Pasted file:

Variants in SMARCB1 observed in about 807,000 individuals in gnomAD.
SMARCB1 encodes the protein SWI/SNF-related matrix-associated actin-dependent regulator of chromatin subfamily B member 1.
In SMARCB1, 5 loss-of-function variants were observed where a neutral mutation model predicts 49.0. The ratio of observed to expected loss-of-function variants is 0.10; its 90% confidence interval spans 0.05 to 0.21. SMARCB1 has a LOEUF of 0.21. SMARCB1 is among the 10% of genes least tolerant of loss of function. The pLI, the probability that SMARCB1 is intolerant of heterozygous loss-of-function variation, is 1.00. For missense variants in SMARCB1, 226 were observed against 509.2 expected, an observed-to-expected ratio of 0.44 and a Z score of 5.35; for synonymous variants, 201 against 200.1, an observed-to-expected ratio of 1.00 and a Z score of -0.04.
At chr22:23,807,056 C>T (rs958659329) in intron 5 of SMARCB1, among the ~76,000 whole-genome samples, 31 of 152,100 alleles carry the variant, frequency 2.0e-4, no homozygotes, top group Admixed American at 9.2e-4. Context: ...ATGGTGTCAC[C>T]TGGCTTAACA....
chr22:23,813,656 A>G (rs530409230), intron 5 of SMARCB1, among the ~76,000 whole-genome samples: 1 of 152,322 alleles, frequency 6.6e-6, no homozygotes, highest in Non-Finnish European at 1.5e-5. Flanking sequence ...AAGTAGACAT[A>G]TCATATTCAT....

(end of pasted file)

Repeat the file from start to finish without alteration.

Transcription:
Variants in SMARCB1 observed in about 807,000 individuals in gnomAD.
SMARCB1 encodes the protein SWI/SNF-related matrix-associated actin-dependent regulator of chromatin subfamily B member 1.
In SMARCB1, 5 loss-of-function variants were observed where a neutral mutation model predicts 49.0. The ratio of observed to expected loss-of-function variants is 0.10; its 90% confidence interval spans 0.05 to 0.21. SMARCB1 has a LOEUF of 0.21. SMARCB1 is among the 10% of genes least tolerant of loss of function. The pLI, the probability that SMARCB1 is intolerant of heterozygous loss-of-function variation, is 1.00. For missense variants in SMARCB1, 226 were observed against 509.2 expected, an observed-to-expected ratio of 0.44 and a Z score of 5.35; for synonymous variants, 201 against 200.1, an observed-to-expected ratio of 1.00 and a Z score of -0.04.
At chr22:23,807,056 C>T (rs958659329) in intron 5 of SMARCB1, among the ~76,000 whole-genome samples, 31 of 152,100 alleles carry the variant, frequency 2.0e-4, no homozygotes, top group Admixed American at 9.2e-4. Context: ...ATGGTGTCAC[C>T]TGGCTTAACA....
chr22:23,813,656 A>G (rs530409230), intron 5 of SMARCB1, among the ~76,000 whole-genome samples: 1 of 152,322 alleles, frequency 6.6e-6, no homozygotes, highest in Non-Finnish European at 1.5e-5. Flanking sequence ...AAGTAGACAT[A>G]TCATATTCAT....